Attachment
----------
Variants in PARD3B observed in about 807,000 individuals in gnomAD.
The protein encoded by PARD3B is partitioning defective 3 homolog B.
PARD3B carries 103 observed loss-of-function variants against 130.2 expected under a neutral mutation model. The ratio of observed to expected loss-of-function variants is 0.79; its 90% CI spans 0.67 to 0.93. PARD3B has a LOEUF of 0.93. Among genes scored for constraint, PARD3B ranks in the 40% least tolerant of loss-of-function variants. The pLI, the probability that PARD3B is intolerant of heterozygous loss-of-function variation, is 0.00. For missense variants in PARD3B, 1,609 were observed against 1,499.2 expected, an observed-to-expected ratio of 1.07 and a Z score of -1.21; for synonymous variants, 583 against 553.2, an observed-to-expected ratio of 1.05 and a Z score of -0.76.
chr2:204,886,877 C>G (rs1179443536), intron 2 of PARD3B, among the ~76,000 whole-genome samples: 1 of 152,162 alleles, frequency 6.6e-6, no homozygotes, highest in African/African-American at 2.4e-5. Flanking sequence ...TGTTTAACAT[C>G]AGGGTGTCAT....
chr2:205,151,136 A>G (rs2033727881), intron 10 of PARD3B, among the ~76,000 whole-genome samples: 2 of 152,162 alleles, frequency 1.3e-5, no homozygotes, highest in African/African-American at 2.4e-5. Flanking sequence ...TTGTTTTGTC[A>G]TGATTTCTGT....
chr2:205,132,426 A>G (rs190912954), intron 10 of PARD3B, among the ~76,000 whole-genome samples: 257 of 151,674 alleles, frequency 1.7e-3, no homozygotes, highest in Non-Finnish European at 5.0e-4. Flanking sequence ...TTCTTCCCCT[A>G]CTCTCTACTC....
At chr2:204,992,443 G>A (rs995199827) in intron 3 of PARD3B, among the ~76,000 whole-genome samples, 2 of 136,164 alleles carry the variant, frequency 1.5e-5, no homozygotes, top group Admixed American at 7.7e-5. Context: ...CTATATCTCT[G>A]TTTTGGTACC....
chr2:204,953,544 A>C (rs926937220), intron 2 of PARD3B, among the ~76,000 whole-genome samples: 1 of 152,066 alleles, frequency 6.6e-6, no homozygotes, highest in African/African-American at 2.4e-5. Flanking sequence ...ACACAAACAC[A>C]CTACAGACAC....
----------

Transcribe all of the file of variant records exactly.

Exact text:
Variants in PARD3B observed in about 807,000 individuals in gnomAD.
The protein encoded by PARD3B is partitioning defective 3 homolog B.
PARD3B carries 103 observed loss-of-function variants against 130.2 expected under a neutral mutation model. The ratio of observed to expected loss-of-function variants is 0.79; its 90% CI spans 0.67 to 0.93. PARD3B has a LOEUF of 0.93. Among genes scored for constraint, PARD3B ranks in the 40% least tolerant of loss-of-function variants. The pLI, the probability that PARD3B is intolerant of heterozygous loss-of-function variation, is 0.00. For missense variants in PARD3B, 1,609 were observed against 1,499.2 expected, an observed-to-expected ratio of 1.07 and a Z score of -1.21; for synonymous variants, 583 against 553.2, an observed-to-expected ratio of 1.05 and a Z score of -0.76.
chr2:204,886,877 C>G (rs1179443536), intron 2 of PARD3B, among the ~76,000 whole-genome samples: 1 of 152,162 alleles, frequency 6.6e-6, no homozygotes, highest in African/African-American at 2.4e-5. Flanking sequence ...TGTTTAACAT[C>G]AGGGTGTCAT....
chr2:205,151,136 A>G (rs2033727881), intron 10 of PARD3B, among the ~76,000 whole-genome samples: 2 of 152,162 alleles, frequency 1.3e-5, no homozygotes, highest in African/African-American at 2.4e-5. Flanking sequence ...TTGTTTTGTC[A>G]TGATTTCTGT....
chr2:205,132,426 A>G (rs190912954), intron 10 of PARD3B, among the ~76,000 whole-genome samples: 257 of 151,674 alleles, frequency 1.7e-3, no homozygotes, highest in Non-Finnish European at 5.0e-4. Flanking sequence ...TTCTTCCCCT[A>G]CTCTCTACTC....
At chr2:204,992,443 G>A (rs995199827) in intron 3 of PARD3B, among the ~76,000 whole-genome samples, 2 of 136,164 alleles carry the variant, frequency 1.5e-5, no homozygotes, top group Admixed American at 7.7e-5. Context: ...CTATATCTCT[G>A]TTTTGGTACC....
chr2:204,953,544 A>C (rs926937220), intron 2 of PARD3B, among the ~76,000 whole-genome samples: 1 of 152,066 alleles, frequency 6.6e-6, no homozygotes, highest in African/African-American at 2.4e-5. Flanking sequence ...ACACAAACAC[A>C]CTACAGACAC....